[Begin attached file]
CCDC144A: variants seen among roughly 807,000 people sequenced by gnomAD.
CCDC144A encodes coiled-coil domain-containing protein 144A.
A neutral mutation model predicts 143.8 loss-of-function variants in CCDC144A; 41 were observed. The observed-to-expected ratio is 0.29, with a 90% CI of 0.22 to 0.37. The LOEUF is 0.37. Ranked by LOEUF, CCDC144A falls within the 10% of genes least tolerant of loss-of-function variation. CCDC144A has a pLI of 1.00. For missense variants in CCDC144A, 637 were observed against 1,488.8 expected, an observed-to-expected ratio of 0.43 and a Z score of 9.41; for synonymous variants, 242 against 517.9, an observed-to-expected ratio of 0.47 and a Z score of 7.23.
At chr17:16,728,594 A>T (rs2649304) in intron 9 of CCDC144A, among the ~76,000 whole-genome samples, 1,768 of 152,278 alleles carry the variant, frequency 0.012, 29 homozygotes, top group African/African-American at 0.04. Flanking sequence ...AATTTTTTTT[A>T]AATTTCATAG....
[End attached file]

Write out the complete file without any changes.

CCDC144A: variants seen among roughly 807,000 people sequenced by gnomAD.
CCDC144A encodes coiled-coil domain-containing protein 144A.
A neutral mutation model predicts 143.8 loss-of-function variants in CCDC144A; 41 were observed. The observed-to-expected ratio is 0.29, with a 90% CI of 0.22 to 0.37. The LOEUF is 0.37. Ranked by LOEUF, CCDC144A falls within the 10% of genes least tolerant of loss-of-function variation. CCDC144A has a pLI of 1.00. For missense variants in CCDC144A, 637 were observed against 1,488.8 expected, an observed-to-expected ratio of 0.43 and a Z score of 9.41; for synonymous variants, 242 against 517.9, an observed-to-expected ratio of 0.47 and a Z score of 7.23.
At chr17:16,728,594 A>T (rs2649304) in intron 9 of CCDC144A, among the ~76,000 whole-genome samples, 1,768 of 152,278 alleles carry the variant, frequency 0.012, 29 homozygotes, top group African/African-American at 0.04. Flanking sequence ...AATTTTTTTT[A>T]AATTTCATAG....